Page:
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  • Rare Pepe digital auction throws up fascinating questions
  • Post author
    Paul Fraser
  • assetsauctionbeyondbidblockchaincardscollectiblecounterfeitdigitalestablishingfrogmotherboardnamedpepetrade

Rare Pepe digital auction throws up fascinating questions

An auction in New York on January 13 saw computing enthusiasts bid for one off, digitally fingerprinted trading cards of a cartoon frog named Pepe.

Technology site Motherboard reports the bids were exclusively carried out using a bespoke crypto currency known as Pepecash, which is stored on a blockchain along with the images.

Homer Pepe Rare

This "rare Pepe" sold for $38,500 in a New York auction - Image: rarepepedirectory

You may well be aware blockchain technology, but have absolutely no idea how it works. You’re certainly not alone.

Essentially, it’s a decentralised record of a series of transactions (blocks) that cannot be edited or copied.

That makes it perfect for a global currency. You do not need to trust the people you trade with as it’s impossible to counterfeit. And as there is no central authority, it’s beyond the reach of any government.

Pepe the frog is even tougher to get your head round.

Essentially it’s a meme that began on a message board named 4Chan. Users like to create their own versions of Pepe, known as rare Pepes.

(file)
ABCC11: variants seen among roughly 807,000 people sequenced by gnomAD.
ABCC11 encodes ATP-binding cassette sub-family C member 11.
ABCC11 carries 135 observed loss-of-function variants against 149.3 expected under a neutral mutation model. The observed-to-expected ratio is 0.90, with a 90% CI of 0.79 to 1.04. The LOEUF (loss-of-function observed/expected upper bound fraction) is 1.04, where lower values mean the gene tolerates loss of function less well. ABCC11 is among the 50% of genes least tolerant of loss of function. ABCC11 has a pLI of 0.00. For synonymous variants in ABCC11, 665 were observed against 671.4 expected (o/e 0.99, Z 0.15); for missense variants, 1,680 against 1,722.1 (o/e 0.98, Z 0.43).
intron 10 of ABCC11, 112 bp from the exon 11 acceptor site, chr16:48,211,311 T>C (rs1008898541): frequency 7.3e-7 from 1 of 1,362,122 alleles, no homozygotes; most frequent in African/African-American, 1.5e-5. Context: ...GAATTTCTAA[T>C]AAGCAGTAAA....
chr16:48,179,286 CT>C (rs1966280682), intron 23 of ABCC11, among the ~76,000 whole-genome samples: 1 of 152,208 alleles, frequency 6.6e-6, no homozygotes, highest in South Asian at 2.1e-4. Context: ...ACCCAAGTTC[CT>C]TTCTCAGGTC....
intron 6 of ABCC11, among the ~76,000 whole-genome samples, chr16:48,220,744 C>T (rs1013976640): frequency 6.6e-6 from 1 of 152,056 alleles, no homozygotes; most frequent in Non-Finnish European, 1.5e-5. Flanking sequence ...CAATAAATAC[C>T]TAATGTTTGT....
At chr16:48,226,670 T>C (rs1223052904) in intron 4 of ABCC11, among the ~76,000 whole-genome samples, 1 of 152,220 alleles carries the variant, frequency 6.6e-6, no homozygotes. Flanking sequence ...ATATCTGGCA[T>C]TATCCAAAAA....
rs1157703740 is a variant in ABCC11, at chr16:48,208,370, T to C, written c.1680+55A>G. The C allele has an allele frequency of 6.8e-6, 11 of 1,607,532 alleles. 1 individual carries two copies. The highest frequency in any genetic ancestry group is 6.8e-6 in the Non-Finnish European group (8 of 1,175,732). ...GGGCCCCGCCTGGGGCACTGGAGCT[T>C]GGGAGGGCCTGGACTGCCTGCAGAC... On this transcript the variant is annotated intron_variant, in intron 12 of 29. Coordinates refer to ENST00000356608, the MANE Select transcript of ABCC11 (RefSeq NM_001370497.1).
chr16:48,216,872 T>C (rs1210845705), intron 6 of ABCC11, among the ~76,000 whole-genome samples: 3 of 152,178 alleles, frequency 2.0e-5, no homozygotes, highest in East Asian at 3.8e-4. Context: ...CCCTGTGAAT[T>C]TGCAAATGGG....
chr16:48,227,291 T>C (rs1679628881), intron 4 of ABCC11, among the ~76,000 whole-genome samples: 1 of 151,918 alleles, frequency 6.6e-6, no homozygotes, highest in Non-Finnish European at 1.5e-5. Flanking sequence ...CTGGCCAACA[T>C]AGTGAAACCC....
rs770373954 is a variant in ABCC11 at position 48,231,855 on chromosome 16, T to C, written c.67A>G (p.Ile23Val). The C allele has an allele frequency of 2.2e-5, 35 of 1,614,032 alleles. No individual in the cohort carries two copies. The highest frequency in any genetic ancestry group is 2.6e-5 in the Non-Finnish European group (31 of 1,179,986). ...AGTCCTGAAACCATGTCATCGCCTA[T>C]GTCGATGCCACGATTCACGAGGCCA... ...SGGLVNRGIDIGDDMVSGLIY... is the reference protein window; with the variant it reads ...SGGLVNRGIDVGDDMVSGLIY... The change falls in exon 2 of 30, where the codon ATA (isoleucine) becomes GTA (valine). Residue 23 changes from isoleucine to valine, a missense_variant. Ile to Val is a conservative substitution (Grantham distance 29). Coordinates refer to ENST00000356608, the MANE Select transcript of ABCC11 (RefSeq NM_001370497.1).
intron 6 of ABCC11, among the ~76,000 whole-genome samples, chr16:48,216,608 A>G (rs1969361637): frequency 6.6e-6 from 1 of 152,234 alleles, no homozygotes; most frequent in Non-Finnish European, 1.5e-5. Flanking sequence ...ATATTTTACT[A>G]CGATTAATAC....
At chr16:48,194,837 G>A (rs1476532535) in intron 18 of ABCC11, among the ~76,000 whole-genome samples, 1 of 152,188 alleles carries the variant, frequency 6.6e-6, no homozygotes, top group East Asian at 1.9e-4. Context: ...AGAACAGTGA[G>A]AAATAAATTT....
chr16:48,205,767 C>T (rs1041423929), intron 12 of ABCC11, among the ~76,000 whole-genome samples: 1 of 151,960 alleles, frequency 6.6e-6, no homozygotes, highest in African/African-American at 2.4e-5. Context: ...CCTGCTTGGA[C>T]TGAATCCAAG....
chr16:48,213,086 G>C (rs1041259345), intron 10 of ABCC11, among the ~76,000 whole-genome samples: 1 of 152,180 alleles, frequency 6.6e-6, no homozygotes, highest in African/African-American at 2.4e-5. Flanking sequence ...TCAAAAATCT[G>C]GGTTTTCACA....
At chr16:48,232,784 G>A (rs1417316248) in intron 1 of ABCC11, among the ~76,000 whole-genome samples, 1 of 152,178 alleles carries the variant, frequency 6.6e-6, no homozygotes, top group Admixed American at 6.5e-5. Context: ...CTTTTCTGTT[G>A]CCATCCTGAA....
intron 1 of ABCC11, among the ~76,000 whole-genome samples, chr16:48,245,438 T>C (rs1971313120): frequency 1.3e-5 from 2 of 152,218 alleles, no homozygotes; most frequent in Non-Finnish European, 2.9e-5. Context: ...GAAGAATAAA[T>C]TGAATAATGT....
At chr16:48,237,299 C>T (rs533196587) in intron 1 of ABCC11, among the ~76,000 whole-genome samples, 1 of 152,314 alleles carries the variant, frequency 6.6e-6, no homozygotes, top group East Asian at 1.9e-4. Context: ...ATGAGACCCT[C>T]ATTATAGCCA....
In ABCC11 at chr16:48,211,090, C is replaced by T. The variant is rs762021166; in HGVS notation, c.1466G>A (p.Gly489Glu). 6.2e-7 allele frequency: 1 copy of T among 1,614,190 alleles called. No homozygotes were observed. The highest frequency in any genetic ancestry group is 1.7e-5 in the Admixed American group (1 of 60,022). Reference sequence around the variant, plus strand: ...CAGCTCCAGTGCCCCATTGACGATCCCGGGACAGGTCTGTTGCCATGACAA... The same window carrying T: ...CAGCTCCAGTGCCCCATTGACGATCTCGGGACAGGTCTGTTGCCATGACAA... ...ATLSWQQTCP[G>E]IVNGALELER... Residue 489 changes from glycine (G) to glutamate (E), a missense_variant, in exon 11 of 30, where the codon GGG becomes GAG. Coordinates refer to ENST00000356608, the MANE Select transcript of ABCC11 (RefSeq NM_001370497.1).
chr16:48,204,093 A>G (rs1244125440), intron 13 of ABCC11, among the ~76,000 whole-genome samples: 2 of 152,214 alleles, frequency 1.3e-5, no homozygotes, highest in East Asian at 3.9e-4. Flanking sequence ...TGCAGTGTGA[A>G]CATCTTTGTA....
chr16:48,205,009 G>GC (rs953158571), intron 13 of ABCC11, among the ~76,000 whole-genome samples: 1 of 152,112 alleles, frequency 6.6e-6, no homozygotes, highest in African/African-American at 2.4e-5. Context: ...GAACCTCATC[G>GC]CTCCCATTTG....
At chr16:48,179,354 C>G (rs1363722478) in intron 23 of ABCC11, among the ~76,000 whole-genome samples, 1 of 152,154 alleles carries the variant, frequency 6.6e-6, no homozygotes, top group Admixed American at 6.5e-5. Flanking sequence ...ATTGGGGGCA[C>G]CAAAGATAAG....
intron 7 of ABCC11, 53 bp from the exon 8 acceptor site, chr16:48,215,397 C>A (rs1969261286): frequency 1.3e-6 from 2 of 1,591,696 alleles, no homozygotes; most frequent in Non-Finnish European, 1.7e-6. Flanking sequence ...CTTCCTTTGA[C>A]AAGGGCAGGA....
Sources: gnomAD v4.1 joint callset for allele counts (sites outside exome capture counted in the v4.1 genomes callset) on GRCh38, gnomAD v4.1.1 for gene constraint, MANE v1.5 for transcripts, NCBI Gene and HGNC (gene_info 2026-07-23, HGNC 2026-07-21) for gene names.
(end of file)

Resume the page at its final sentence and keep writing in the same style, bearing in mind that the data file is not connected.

The character is often associated with the neo-Nazi alt-right movement, which evolved in the web’s darker corners, although that’s not the case here.

Moving beyond the in-joke, what makes this auction particularly interesting is the focus on ensuring digital assets remain scarce.

A trader named Sipher explained the appeal in an interview with Motherboard: “I collected hockey cards and comics as a kid. I have the biggest collection of anyone I know, which are all basically worthless now because of overprinting and counterfeiting.

“These cards are providing a real proof of concept for establishing a trackable asset attached to a ‘collectible item’. You can't counterfeit assets on the chain, either you own it or you don't.”

The establishment is taking this seriously. Staff from MoMA and Sotheby’s were reportedly in attendance at the sale, where one buyer actually paid $38,500 for one Pepe.

Time will tell whether that was a solid investment.

But it's certainly not as crazy as it might have seemed at first glance.  

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  • Post author
    Paul Fraser
  • assetsauctionbeyondbidblockchaincardscollectiblecounterfeitdigitalestablishingfrogmotherboardnamedpepetrade